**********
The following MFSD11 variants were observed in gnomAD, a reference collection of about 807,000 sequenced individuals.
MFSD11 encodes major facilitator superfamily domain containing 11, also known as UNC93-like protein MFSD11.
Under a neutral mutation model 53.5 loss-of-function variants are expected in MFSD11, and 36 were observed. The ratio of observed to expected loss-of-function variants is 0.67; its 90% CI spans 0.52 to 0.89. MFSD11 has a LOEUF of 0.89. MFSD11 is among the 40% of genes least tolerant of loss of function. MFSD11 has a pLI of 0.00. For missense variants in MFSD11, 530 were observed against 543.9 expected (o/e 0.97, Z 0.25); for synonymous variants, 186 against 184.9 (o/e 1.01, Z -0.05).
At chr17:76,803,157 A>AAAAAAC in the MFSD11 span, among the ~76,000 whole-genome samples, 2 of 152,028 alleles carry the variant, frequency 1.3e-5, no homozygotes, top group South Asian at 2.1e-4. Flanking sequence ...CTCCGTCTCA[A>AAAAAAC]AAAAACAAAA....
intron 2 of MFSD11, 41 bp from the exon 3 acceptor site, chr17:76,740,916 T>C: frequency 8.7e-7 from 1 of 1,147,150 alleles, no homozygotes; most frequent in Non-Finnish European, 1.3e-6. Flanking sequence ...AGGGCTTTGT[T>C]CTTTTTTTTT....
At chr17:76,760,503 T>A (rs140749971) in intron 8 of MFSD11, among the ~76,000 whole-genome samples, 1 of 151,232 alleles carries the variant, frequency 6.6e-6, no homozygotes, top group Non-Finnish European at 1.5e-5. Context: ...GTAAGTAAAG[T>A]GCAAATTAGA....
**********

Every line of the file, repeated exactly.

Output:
The following MFSD11 variants were observed in gnomAD, a reference collection of about 807,000 sequenced individuals.
MFSD11 encodes major facilitator superfamily domain containing 11, also known as UNC93-like protein MFSD11.
Under a neutral mutation model 53.5 loss-of-function variants are expected in MFSD11, and 36 were observed. The ratio of observed to expected loss-of-function variants is 0.67; its 90% CI spans 0.52 to 0.89. MFSD11 has a LOEUF of 0.89. MFSD11 is among the 40% of genes least tolerant of loss of function. MFSD11 has a pLI of 0.00. For missense variants in MFSD11, 530 were observed against 543.9 expected (o/e 0.97, Z 0.25); for synonymous variants, 186 against 184.9 (o/e 1.01, Z -0.05).
At chr17:76,803,157 A>AAAAAAC in the MFSD11 span, among the ~76,000 whole-genome samples, 2 of 152,028 alleles carry the variant, frequency 1.3e-5, no homozygotes, top group South Asian at 2.1e-4. Flanking sequence ...CTCCGTCTCA[A>AAAAAAC]AAAAACAAAA....
intron 2 of MFSD11, 41 bp from the exon 3 acceptor site, chr17:76,740,916 T>C: frequency 8.7e-7 from 1 of 1,147,150 alleles, no homozygotes; most frequent in Non-Finnish European, 1.3e-6. Flanking sequence ...AGGGCTTTGT[T>C]CTTTTTTTTT....
At chr17:76,760,503 T>A (rs140749971) in intron 8 of MFSD11, among the ~76,000 whole-genome samples, 1 of 151,232 alleles carries the variant, frequency 6.6e-6, no homozygotes, top group Non-Finnish European at 1.5e-5. Context: ...GTAAGTAAAG[T>A]GCAAATTAGA....